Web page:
For my part, I attended a large number of plenary sessions and workshops, but there was one particular project that impressed me the most. I am referring to a program launched by four francophone schools in France, Morocco, Egypt and Lebanon, whereby their students worked collaboratively to research the links between the different civilizations that have developed over the centuries on the shores of the Mediterranean. What a wonderful way to look for commonalities uniting people, as opposed to differences separating nations! As Alexandria-born film director Youssef Chahine once said, “thoughts have wings and nobody can stop them from flying,” even if they have an entire sea to cross.
The main highlight of the conference for me was the signature of a formal agreement of cooperation between TFS and Lycée Condorcet, one of the oldest and most prestigious public schools in Paris. Founded in 1803 when Napoleon was First Consul, just one year before he became Emperor, Condorcet can boast of a long list of impressive alumni, including four presidents of the French Republic, writers such as Paul Verlaine and Marcel Proust, and other public figures of the stature of anthropologist Claude Lévi-Strauss, philosopher Henri Bergson, film-director and scriptwriter Jean Cocteau, artist Henri de Toulouse-Lautrec, singer Serge Gainsbourg and industrialist André Citroën. Among its teachers in the first half of the 20th century, I shall mention Marcel Pagnol and Jean-Paul Sartre.
Today’s Lycée Condorcet is no less illustrious, and its Head, Madame Christiane Borredon, describes it as a temple of knowledge characterized by a spirit of responsibility and freedom, where young men and women learn from each other, as well as from their teachers, in an attempt to gain intellectual depth and autonomy of thought. When I was there, I had a clear sense that everyone aims to become a leading citizen of the Republic so that they can contribute to the common good, which immediately brought to mind our own students at TFS. I am in no doubt that the agreement, which will set in motion a number of projects over the next few years, will be immensely beneficial to both schools.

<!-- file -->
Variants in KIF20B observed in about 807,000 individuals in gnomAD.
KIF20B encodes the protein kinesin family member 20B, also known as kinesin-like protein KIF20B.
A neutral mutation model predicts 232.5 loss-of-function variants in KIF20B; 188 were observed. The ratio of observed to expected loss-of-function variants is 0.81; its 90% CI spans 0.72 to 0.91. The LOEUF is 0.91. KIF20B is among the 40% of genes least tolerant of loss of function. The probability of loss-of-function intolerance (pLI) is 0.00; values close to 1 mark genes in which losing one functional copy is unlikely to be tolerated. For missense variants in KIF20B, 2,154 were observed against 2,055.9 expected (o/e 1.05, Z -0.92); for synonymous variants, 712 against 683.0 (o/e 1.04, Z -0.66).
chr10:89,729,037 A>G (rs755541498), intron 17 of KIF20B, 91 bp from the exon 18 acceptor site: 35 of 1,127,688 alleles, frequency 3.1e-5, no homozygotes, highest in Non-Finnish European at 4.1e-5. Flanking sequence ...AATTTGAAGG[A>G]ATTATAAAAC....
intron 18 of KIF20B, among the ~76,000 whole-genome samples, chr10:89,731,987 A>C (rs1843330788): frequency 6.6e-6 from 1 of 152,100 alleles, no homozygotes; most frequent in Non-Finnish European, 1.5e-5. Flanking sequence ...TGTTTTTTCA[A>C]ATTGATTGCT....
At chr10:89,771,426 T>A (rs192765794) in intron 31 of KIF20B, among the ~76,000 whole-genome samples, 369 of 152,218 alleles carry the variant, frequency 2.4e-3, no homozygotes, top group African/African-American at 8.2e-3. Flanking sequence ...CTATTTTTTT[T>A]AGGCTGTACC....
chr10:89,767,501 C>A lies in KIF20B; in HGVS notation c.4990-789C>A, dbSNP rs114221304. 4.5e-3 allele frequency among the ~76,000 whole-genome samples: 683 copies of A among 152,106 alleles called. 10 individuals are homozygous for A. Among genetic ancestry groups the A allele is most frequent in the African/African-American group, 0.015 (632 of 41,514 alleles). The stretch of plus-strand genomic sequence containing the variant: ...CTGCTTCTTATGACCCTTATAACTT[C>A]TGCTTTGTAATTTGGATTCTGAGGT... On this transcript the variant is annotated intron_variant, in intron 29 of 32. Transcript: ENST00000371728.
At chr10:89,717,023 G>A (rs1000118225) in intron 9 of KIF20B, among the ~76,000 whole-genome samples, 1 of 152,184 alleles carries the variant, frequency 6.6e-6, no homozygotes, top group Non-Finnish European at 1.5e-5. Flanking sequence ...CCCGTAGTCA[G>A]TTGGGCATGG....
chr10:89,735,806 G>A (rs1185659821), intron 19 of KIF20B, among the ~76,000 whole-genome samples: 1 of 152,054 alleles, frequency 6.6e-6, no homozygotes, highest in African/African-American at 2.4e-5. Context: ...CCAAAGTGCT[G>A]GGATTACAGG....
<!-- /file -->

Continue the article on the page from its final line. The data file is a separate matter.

In a recent article published in The Globe and Mail, Michael Adams, founder and president of Environics Institute for Survey Research, states that Canadians increasingly feel that, in addition to peacekeeping and humanitarian efforts, the country’s most praiseworthy achievements reside in its bilingualism, cultural diversity and historical approach to immigrants and refugees. In this sense, he claims that Canada has gone from being “a colony of deferential subjects to a country of global citizens.” This global vocation of Canadians was also one of the main themes of the institutional address pronounced by Mr. Justin Trudeau before the French National Assembly on April 17, 2018, that is 410 years (almost to the day) after Champlain set out from Honfleur. The Prime Minister referred back to those compatriots who fought at Vimy and Normandy for the preservation of freedom, and called on us all to build together “a more diverse, green, inclusive, open and democratic world. A freer, more egalitarian and fraternal world. A world in our image.” A world in the image of Canada and France, two allied nations seeking to become a force for good, as catalysts for intercultural understanding and positive transformation.
This is the kind of impact, I am convinced, that our students want to have. As future lieutenants of a fragile planet that needs to be nurtured, they have embarked on a voyage of discovery that will take them from the particular and self-centred to the general and altruistic. Whatever career they decide to pursue, I know that they, together with their counterparts at Lycée Condorcet, will consciously strive for the betterment of humanity, as they attempt to fashion the world in our image, our Canadian and French image.
May they all catch the most favourable winds in their sails!